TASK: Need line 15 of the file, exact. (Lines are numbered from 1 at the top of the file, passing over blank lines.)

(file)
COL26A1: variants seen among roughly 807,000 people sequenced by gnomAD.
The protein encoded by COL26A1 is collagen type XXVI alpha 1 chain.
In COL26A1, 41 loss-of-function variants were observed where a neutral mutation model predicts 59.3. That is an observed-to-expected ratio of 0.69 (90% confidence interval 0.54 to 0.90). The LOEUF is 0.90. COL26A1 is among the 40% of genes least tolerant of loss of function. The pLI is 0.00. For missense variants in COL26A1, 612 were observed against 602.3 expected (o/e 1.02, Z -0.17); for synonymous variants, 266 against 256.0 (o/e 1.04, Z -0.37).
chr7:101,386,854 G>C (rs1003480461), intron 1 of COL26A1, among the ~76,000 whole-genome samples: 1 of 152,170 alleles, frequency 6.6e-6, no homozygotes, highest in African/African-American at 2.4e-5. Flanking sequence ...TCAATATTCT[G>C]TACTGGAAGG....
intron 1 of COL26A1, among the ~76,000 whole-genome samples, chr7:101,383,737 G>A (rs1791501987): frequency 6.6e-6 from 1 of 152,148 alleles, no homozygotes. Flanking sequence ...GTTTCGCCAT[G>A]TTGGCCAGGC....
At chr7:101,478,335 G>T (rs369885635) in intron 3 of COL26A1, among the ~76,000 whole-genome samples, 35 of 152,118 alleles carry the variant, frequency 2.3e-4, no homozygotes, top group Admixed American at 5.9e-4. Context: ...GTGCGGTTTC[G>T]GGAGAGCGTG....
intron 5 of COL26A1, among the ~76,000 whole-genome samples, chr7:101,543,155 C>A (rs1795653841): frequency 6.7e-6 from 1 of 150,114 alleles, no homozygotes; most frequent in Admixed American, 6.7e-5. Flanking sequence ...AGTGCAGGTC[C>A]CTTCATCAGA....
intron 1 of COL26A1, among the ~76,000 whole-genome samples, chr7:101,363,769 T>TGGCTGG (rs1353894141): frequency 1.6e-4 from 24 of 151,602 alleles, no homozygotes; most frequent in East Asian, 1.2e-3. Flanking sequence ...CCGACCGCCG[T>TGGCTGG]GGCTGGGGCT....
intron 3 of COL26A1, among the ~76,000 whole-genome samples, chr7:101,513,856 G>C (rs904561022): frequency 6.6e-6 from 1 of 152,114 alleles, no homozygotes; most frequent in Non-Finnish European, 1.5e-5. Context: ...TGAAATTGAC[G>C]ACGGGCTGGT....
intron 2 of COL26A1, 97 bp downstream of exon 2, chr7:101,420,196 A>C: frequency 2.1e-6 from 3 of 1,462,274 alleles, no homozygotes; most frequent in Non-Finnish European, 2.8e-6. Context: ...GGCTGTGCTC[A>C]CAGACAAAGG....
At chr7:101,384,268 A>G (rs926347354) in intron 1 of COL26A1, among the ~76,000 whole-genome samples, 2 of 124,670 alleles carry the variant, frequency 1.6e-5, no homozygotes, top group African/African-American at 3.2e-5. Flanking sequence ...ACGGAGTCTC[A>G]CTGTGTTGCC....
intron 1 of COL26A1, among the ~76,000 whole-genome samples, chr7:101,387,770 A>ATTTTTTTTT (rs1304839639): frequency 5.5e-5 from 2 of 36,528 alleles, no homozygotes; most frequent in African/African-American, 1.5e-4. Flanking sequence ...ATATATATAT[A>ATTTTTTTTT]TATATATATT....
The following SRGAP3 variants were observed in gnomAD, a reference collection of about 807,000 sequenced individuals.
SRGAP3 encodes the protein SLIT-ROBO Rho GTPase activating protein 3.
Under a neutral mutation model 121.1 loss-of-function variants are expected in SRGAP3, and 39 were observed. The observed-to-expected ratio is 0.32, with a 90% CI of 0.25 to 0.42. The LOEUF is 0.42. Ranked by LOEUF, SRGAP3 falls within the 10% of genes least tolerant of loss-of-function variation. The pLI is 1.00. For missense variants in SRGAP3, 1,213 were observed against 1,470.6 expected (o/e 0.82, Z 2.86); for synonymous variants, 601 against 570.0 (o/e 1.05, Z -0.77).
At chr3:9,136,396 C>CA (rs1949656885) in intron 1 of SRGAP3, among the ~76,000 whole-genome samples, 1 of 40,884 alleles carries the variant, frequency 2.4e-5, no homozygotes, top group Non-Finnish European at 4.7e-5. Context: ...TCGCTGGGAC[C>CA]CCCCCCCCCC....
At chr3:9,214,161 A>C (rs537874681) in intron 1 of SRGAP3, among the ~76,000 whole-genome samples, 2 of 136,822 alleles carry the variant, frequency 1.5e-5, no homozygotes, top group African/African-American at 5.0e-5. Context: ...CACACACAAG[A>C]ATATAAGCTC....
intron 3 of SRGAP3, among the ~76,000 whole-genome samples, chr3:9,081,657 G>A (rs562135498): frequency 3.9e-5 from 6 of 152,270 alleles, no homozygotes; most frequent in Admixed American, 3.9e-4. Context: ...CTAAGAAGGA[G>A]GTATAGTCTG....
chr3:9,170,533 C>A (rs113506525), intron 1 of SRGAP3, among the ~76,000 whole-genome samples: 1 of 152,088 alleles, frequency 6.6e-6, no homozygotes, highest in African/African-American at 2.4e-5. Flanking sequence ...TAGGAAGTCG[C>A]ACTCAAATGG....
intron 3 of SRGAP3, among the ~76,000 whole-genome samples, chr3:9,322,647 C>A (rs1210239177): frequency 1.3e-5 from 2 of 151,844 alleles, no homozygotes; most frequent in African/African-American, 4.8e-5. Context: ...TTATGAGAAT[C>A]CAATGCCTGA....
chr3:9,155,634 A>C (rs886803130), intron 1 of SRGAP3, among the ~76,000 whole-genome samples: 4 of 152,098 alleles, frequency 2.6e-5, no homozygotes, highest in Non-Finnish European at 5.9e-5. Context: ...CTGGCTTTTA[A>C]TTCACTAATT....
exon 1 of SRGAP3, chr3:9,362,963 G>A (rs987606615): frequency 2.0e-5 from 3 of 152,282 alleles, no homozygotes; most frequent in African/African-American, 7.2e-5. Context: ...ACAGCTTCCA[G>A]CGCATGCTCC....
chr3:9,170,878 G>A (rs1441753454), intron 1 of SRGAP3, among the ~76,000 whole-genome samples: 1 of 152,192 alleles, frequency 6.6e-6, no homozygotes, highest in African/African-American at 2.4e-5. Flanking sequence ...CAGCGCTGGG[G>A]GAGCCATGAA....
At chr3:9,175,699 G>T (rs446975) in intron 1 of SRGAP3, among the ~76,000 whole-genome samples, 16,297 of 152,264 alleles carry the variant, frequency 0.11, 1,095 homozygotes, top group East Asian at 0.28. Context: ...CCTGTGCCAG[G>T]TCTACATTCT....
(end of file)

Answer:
Under a neutral mutation model 121.1 loss-of-function variants are expected in SRGAP3, and 39 were observed. The observed-to-expected ratio is 0.32, with a 90% CI of 0.25 to 0.42. The LOEUF is 0.42. Ranked by LOEUF, SRGAP3 falls within the 10% of genes least tolerant of loss-of-function variation. The pLI is 1.00. For missense variants in SRGAP3, 1,213 were observed against 1,470.6 expected (o/e 0.82, Z 2.86); for synonymous variants, 601 against 570.0 (o/e 1.05, Z -0.77).